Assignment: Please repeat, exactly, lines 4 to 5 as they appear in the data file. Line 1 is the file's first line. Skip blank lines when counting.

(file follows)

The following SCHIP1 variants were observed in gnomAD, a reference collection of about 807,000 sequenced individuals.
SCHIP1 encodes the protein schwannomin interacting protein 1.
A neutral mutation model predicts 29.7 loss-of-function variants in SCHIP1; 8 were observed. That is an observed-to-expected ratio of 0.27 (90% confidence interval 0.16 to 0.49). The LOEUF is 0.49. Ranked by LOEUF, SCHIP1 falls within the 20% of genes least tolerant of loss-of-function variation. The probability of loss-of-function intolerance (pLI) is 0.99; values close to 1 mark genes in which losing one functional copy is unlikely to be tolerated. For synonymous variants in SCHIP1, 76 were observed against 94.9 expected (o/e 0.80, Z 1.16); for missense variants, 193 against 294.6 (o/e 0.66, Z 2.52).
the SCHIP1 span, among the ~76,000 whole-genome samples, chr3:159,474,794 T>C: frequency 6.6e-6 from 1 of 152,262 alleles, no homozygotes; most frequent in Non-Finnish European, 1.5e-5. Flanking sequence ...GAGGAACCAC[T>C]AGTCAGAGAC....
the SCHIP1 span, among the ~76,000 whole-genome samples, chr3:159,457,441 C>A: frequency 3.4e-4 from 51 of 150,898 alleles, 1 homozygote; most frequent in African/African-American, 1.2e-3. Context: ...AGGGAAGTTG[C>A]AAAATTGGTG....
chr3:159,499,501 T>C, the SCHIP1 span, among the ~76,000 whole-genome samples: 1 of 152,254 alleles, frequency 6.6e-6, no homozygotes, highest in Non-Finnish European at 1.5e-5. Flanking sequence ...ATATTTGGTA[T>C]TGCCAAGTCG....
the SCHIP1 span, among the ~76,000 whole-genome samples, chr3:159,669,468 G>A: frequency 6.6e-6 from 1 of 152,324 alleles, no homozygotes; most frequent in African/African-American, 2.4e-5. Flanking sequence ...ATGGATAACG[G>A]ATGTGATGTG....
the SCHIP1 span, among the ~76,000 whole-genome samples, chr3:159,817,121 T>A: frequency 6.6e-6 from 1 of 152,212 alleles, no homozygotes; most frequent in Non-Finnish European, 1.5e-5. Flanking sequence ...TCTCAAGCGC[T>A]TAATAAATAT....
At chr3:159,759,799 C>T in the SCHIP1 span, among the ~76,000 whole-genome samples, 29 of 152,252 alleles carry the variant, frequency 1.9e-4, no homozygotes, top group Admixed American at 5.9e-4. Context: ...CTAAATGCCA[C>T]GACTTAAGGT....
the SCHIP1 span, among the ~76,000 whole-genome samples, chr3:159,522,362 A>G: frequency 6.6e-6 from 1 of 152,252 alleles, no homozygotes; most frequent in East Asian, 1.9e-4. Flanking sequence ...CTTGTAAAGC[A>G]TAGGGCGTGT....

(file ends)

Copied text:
the SCHIP1 span, among the ~76,000 whole-genome samples, chr3:159,474,794 T>C: frequency 6.6e-6 from 1 of 152,262 alleles, no homozygotes; most frequent in Non-Finnish European, 1.5e-5. Flanking sequence ...GAGGAACCAC[T>C]AGTCAGAGAC....
the SCHIP1 span, among the ~76,000 whole-genome samples, chr3:159,457,441 C>A: frequency 3.4e-4 from 51 of 150,898 alleles, 1 homozygote; most frequent in African/African-American, 1.2e-3. Context: ...AGGGAAGTTG[C>A]AAAATTGGTG....